However, Samsung made sure to overhaul its TouchWiz UI, introducing a number of impressive new apps and features that mimicked its Cupertino rival, but also gave Android users some novel features not found on iOS and Windows Phone. Samsung’s S-Voice offers a Siri-like voice assistant, while the front-facing camera track your eye movement detect whether you are looking at the device, keeping the screen lit until you look away or no longer use it.
Since may, Samsung has updated the device to Google’s Jelly Bean Android firmware (not Android 4.2), making improvements but also adding new features to the device. Just last week, the company introduced its Premium Suite update, which allowed users to run apps side-by-side using the multi-window feature taken from its new Galaxy Note II ‘phablet.’
With its large and vibrant display, sleek design and powerful processor, the Galaxy S III is the world’s most popular Android device – and while the Galaxy S 4 is said to be coming early next year, Samsung can expect to sell a lot of these smartphones well into 2013.
In 2012, Google changed the way it positioned its Nexus line, but didn’t change the way sold the devices. This left customers unaware of order statuses or an idea of when they could get their hands on one of them.
Before all that, The Next Web scooped Google’s Nexus launch, correctly reporting that the company would launch a new LG-made Nexus 4, updated Nexus 7 and Samsung-made Nexus 10. The event itself was eventually cancelled as Hurricane Sandy reeked havoc across the east coast of the US.
Making the Nexus 4 available to all with an insanely low price tag of $299 for the 8GB model and $349 for the 16GB model, Google’s Play Store was swamped with customers looking to get their hands on the powerful and sleek LG smartphone.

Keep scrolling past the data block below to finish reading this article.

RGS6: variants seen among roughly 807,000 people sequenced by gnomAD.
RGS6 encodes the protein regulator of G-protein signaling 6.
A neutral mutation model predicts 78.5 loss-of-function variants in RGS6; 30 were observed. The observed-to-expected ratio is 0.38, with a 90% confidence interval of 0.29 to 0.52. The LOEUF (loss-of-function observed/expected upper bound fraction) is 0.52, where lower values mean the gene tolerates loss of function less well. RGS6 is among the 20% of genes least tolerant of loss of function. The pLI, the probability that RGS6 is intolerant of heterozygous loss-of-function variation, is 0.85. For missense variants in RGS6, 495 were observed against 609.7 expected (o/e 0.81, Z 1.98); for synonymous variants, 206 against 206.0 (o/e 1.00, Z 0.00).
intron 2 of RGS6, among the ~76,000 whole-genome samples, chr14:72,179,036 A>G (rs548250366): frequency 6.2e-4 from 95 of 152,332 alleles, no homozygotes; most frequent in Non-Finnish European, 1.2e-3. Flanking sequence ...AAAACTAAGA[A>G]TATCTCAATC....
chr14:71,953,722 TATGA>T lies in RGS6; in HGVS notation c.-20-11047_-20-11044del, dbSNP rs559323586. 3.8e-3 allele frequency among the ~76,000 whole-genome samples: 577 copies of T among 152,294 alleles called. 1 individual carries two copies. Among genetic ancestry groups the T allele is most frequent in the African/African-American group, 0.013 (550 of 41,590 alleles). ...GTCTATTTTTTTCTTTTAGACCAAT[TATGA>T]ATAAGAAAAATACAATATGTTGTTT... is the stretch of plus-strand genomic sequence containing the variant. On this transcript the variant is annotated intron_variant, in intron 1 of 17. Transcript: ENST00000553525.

While LG and Google continue to try and overcome their struggles to keep up with demand and keep customers happy, those that have received their handset have loved it.
Featuring a quad-core 1.5 GHz Qualcomm APQ8064 Snapdragon processor, 4.7-inch 1280 x 768 display, 2GB RAM, an 8-megapixel rear-facing camera and a 2100mAh battery, the Nexus 4 is the first device to run Google’s latest Android firmware — Android 4.2 — which adds a new swipeable keyboard, lock screen widgets, screensavers, accessibility improvements and improved notifications.
In our review, we felt that with the Nexus 4 and Android 4.2, Google ironed out a lot of inconsistencies that plagued Android, making interactions even more fluid and bringing everything you need
front and center. The fact that the Nexus 4 looks great doesn’t hurt either.
Nokia Lumia 920
Nokia finally got the chance to launch its new Lumia Windows Phone 8 handsets in November, putting an end to months of waiting for the chance to offer improved hardware and software features with its new Lumia 920 and Lumia 820 handsets.
Nokia’s flagship smartphone continues the company’s polycarbonate design trend, with a focus on optics and display technology. Inside, there’s a dual-core 1.5GHz Snapdragon S4 processor, complete with 1GB of RAM but Nokia is proud of its 4.5-inch IPS LCD display, which it says utilises its new ‘PureMotion HD+’ technology that has Synaptics tech that allows users to swipe and press even with thick gloves on.
The Lumia 920’s camera is exceptionally good, including a f/2.0 8.7-megapixel sensor, but the magic is in its optical image stabilisation and low-light sensitivity.
The optical image stabilisation features are seriously good on the Lumia 920, with Nokia able to reduce the amount of shake thanks to its “floating lens” technology, which suspends the Lumia 920′s optics and stabilises it using springs. Allowing the lens to move at one with the device keeps the optics steady, ensuring that videos are less shaky and allowing more light to enter the assembly in low light conditions.